Charles Kuentz was a beloved Northside band director who instilled in his students a passion for music and taught them about the importance of character, commitment, and work ethic.
Kuentz grew up in a musical family that often would get together with friends for jam sessions on Sunday afternoons. His mother played the piano, his father played the fiddle and accordion, and Kuentz played the trumpet, just like his older sister.
Though Kuentz lived in the Woodlawn lake area as a boy, he frequently visited his grandparents' dairy farm in Helotes. His grandfather was Henry T. Brauchle - also a musician, an educator, and a Northside namesake. O'Connor High School, and now Kuentz Elementary School, sit on the site of the former Brauchle dairy farm.
After graduating from Jefferson High School in 1952, Kuentz enrolled in Texas Lutheran College. It was here that he met his wife Judy, a fellow musician and future NISD music teacher. Kuentz was studying to become a minister until his college band director suggested he think about a career in music.
Kuentz quickly realized that "ministering" to children through music was his calling. Kuentz switched majors, and after completing his degree, he began working as a music teacher and band director in Rocksprings, Charlotte, and Three Rivers.
His family, which would eventually include six children, returned to San Antonio, and in 1969, Kuentz became the band director at Jefferson, his alma mater. In 1974, he joined Northside, first at Hobby Middle School, and then a year later, at Marshall High School.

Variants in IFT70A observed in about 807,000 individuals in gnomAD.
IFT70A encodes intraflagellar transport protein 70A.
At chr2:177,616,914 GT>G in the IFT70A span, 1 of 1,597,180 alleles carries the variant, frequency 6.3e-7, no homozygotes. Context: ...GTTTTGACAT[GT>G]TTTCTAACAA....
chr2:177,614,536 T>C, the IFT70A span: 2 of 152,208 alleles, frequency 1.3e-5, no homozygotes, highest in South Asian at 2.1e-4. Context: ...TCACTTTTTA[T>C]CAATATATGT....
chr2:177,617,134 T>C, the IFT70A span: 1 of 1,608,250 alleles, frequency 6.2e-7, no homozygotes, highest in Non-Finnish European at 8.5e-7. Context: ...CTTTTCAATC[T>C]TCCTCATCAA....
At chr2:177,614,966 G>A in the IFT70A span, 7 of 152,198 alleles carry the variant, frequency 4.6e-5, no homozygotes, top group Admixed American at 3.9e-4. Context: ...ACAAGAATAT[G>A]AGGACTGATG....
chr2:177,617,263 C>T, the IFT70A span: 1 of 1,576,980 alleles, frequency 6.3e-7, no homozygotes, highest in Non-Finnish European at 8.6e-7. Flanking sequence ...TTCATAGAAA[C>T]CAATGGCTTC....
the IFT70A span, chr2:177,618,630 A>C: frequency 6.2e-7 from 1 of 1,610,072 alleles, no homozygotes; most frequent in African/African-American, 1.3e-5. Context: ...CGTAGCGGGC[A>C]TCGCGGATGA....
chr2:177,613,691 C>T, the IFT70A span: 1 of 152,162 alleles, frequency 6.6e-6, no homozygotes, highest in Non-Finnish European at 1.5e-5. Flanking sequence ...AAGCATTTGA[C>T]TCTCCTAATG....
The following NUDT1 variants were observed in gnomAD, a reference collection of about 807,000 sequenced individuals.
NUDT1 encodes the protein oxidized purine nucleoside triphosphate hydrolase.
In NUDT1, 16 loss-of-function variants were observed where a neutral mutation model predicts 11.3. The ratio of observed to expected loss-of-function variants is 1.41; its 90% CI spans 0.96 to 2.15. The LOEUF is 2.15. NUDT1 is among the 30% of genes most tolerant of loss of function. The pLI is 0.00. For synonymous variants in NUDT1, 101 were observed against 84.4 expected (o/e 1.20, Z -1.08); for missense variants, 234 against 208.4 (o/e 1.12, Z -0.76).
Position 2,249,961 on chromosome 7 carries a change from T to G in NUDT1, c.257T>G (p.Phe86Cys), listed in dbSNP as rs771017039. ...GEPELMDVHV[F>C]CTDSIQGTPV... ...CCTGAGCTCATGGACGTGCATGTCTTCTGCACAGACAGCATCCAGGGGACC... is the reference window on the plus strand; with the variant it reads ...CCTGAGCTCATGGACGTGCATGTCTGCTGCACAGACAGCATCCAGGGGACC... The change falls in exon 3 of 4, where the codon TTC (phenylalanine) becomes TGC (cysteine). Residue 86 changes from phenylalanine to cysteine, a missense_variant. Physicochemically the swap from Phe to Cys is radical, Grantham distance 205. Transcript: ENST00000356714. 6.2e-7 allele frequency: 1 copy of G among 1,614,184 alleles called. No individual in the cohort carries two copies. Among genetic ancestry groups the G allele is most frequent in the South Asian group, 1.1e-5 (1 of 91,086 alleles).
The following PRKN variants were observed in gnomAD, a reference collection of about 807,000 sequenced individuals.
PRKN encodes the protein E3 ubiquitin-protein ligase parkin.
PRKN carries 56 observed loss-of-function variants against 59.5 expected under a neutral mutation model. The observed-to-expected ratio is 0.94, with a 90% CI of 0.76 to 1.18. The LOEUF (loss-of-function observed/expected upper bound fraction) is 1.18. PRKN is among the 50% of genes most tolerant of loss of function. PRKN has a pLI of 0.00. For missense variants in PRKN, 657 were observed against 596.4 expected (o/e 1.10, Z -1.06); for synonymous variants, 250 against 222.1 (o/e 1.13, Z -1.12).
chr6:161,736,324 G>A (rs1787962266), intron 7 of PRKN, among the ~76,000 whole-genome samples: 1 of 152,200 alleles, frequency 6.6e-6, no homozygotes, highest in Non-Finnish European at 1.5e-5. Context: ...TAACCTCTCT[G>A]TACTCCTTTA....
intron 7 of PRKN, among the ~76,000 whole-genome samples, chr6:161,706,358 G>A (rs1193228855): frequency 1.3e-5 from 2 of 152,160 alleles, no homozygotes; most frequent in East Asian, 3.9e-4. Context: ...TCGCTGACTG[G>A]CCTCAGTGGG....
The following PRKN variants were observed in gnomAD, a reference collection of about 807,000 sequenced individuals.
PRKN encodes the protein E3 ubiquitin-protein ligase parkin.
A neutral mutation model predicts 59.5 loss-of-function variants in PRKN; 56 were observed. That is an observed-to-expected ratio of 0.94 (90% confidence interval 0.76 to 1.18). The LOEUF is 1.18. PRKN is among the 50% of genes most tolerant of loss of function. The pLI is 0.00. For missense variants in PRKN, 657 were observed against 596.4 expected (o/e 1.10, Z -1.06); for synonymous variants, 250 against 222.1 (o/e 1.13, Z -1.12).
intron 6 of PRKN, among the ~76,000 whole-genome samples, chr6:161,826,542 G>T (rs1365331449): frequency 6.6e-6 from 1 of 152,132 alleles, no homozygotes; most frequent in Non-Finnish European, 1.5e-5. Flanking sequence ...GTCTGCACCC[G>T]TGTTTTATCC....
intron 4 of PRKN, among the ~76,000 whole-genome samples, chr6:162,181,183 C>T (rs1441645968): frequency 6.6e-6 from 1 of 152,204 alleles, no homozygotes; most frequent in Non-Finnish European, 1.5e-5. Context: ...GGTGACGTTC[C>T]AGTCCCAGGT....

He revolutionized the Ram Band, bringing in showmanship, choreography, and music that made the half-time performance a must-see event at football games. He put the Ram Band on the map ( and in the record books ) when they were invited to play in the Tournament of Roses Parade in Pasadena, Calif. in 1977. To help raise money for the trip, students held a "band-a-thon" to break the Guinness World Record for the longest, continuously playing band. It took 52 hours, but they broke the record.
Despite the many accolades and awards the Ram Band received, students say it was the life lessons Kuentz taught them that had the biggest impact. Kuentz served as a father figure to many of his students, serving as a role model for self-discipline, teamwork, and taking pride in one's work.
In 1982, Kuentz moved to Rudder Middle School to be the school's first band director. He retired in 1992, but still remains actively involved with music as Director of the Helotes Community Band.
The Kuentz tradition of music, education, and character isn't likely to fade anytime soon. Numerous former students of Kuentz have gone on to be music teachers and educators, including three of his own children, who all teach in Northside ISD.